The expedition began in 1909; it was a search larger in scope than anything to date. In the first year, 170 native laborers were employed; in the second year, 400 were used. The third and fourth years saw 500 natives at work on the dig sites, which were located in an area extending almost two miles (three kilometers) between Tendaguru Village and Tendaguru Hill. The laborers were accompanied by their families; thus, the expedition had to accommodate upwards of 700 to 900 people. Additionally, after the fossils were mapped, measured, excavated, and encased in plaster, they had to be hand carried from Tendaguru, in the interior, to Lindi, on the coast a trek that took four days. There, the enormous number of bones, eventually totaling 250 tons (230 metric tons), were shipped to Germany for preparation, study, and reconstruction.

What dinosaur remains were excavated during the Tendaguru expedition?

The Tendaguru expedition was itself spectacular, and so were the dinosaur fossils discovered at the site. Among the findings were three types of theropods the small, agile Elaphrosaurus, and the larger Ceratosaurus and Allosaurus. Six herbivorous dinosaurs were also found: the tiny ornithopod Dryosaurus; Kentrosaurus, a stegosaur; and four sauropods, Dicraeosaurus, Barosaurus, Tornieria, and the largest one of the time, Brachiosaurus. The reconstructed skeleton of a Brachiosaurus in the Berlin Museum from this site is the largest complete dinosaur skeleton in the world.

In addition to these spectacular dinosaur finds, the expedition also uncovered remains of pterosaurs, fish, and a tiny mammal jaw bone. All of the animals were similar to those found earlier in the Morrison formation in the western United States, indicating that migration between North America and Africa was relatively easy during this time.

Where were the first Albertosaurus fossil remains found?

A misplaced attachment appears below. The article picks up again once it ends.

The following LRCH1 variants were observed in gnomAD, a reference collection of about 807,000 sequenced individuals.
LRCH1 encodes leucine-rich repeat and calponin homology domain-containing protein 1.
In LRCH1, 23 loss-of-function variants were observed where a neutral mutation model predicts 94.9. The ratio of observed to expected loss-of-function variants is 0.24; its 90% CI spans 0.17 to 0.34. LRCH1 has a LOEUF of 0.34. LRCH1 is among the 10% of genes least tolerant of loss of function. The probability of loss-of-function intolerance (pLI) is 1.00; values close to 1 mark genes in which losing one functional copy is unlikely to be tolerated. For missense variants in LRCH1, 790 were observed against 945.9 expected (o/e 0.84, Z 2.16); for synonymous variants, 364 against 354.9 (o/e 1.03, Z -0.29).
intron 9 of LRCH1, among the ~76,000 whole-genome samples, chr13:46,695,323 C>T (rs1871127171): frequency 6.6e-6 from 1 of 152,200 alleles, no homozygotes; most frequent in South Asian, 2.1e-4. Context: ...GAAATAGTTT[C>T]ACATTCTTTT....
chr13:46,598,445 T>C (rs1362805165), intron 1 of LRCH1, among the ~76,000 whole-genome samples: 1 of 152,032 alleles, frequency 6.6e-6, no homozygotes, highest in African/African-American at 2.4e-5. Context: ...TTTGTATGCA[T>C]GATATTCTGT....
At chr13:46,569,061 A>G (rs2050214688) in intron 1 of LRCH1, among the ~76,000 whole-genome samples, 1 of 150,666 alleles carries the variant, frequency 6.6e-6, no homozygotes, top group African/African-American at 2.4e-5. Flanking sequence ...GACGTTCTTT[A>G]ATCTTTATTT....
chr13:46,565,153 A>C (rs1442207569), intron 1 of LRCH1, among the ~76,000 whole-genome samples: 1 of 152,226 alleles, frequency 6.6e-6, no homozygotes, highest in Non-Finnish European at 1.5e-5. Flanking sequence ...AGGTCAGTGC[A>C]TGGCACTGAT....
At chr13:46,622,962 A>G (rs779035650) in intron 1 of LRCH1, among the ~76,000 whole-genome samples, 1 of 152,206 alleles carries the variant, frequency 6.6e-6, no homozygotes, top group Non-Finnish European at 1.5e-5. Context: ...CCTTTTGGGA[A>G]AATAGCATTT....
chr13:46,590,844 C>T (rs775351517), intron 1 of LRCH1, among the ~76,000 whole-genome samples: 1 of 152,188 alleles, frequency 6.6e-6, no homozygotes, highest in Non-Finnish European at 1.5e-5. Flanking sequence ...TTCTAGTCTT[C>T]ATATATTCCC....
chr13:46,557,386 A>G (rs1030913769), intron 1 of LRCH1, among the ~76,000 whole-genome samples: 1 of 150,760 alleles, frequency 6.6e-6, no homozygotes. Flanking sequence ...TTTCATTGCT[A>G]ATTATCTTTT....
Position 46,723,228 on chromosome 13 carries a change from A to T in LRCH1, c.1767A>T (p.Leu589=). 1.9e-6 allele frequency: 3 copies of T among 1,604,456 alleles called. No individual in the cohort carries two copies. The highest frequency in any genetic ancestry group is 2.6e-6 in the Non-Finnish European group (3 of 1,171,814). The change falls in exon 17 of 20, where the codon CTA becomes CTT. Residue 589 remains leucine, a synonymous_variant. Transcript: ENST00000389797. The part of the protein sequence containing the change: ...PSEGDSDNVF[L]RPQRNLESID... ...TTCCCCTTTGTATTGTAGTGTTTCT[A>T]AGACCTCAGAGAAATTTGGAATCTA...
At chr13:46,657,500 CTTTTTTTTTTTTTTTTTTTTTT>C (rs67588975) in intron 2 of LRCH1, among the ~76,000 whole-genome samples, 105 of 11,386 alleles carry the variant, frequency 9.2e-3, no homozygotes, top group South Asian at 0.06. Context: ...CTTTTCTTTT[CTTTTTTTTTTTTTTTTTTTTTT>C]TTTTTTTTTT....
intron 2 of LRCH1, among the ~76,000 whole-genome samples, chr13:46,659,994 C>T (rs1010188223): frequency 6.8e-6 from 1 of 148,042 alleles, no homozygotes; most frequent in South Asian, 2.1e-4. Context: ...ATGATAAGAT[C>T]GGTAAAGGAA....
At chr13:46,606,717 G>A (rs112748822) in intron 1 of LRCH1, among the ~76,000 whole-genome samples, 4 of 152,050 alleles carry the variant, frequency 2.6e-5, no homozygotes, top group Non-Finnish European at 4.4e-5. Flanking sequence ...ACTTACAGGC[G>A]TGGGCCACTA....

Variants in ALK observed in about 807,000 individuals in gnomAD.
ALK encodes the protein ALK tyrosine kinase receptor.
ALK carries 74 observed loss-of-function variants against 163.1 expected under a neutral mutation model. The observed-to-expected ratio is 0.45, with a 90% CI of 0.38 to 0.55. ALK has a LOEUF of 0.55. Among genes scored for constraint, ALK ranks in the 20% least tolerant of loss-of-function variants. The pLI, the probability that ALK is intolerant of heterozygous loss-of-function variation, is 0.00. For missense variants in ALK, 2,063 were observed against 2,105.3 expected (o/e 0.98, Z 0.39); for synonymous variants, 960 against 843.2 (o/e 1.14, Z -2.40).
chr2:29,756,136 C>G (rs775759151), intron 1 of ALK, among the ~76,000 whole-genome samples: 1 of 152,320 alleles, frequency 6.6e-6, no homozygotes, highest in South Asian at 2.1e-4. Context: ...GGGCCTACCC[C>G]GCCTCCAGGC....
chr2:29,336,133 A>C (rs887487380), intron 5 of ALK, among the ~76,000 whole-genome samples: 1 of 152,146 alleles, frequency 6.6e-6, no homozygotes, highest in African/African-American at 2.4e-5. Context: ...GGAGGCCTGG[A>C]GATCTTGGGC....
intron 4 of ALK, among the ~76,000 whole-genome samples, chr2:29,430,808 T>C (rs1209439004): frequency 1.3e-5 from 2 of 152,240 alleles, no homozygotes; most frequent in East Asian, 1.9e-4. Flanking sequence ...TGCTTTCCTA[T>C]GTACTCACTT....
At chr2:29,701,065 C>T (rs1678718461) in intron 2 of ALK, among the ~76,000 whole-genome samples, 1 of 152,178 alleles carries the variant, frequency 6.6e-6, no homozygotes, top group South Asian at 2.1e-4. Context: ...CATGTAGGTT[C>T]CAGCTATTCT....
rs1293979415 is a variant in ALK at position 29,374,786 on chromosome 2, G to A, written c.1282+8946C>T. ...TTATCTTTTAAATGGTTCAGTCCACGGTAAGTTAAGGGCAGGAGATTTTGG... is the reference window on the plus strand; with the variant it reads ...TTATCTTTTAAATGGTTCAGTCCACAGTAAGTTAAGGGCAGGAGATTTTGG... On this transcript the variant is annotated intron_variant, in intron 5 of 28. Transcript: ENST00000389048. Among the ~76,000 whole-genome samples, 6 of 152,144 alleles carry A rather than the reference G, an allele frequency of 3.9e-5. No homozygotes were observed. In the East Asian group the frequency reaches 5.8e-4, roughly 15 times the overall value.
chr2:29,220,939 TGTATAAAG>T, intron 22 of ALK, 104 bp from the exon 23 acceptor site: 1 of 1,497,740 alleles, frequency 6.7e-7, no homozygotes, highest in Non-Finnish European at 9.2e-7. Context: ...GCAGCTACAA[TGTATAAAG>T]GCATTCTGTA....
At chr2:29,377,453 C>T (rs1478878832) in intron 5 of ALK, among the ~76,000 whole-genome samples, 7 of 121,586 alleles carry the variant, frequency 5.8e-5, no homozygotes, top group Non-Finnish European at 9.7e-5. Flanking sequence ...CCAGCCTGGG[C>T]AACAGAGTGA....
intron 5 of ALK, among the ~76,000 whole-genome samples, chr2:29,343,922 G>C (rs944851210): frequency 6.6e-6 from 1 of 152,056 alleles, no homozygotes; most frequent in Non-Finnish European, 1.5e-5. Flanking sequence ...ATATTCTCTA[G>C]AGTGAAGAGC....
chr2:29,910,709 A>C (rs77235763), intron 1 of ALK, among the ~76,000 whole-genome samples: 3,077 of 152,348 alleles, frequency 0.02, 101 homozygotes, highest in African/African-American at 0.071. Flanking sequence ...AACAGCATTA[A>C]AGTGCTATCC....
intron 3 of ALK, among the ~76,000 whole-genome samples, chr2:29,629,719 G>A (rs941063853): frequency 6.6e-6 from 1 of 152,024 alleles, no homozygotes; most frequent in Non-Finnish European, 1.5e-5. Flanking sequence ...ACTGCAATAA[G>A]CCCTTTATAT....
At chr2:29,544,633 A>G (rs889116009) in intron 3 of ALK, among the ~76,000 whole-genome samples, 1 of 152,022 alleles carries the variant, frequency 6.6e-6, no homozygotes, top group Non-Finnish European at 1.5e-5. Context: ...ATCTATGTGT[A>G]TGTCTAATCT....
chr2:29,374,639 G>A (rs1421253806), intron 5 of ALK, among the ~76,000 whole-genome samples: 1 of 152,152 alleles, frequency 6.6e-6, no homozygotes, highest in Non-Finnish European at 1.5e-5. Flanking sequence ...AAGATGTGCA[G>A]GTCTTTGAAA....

The first fossil remains of the Late Cretaceous dinosaur Albertosaurus were found in the Badlands of the Red Deer River Valley of Alberta, Canada. Geologist Joseph Burr Tyrrell found the fossil remains in the spring of 1884, as he led an expedition near present day Drumheller for the Geological Survey of Canada.

In the early 1900s, the discovery of these and other remains brought numerous paleontologists to the area, including Barnum Brown of the American Museum of Natural History, and Charles H. Sternberg and sons for the Canadian Geological Survey. The friendly rivalry between Brown and the Sternbergs was dubbed the Great Canadian Dinosaur Rush.

The first fossils of the Cretaceous dinosaur Albertosaurus were found in Alberta, Canada, which is how this predator got its name (Big Stock Photo).

Today, the Badlands of the Red Deer River Valley in Alberta, Canada, are recognized as one of the worlds leading fossil collecting areas, with some 25 species of dinosaurs so far uncovered. The significance of this area led to the establishment of the Royal Tyrrell Museum, established in June 1990, in Drumheller.

How did the Badlands of the Red Deer River Valley form?

The badlands of the Red Deer River Valley, in Alberta, Canada, were carved by meltwater torrents when the ice sheets retreated approximately 10,000 to 15,000 years ago. There is some evidence that flash floods, rather than rivers, were the agents that created the present Badlands topography. These landscapes include narrow, winding gullies and channels; heavy erosion; steep slopes; and little or no vegetation.

During the time of the dinosaurs, this area included numerous deltas and river flood plains that extended out into a shallow, inland sea. The Late Cretaceous deposits of sand and mud often included the bodies of dinosaurs. Over millions of years, as material was laid down layer upon layer, the deposits turned into rock, fossilizing the dinosaur bones.

The advance and retreat of four glacial ice sheets over millions of years along with other natural erosion processes by wind and water caused significant wearing away of the area. The material on top was removed, and the exposed Cretaceous period sedimentary rocks were carved into the Badlands of today. The Cretaceous layer is known as the Horseshoe Canyon formation and is continually eroding, exposing fresh dinosaur fossils.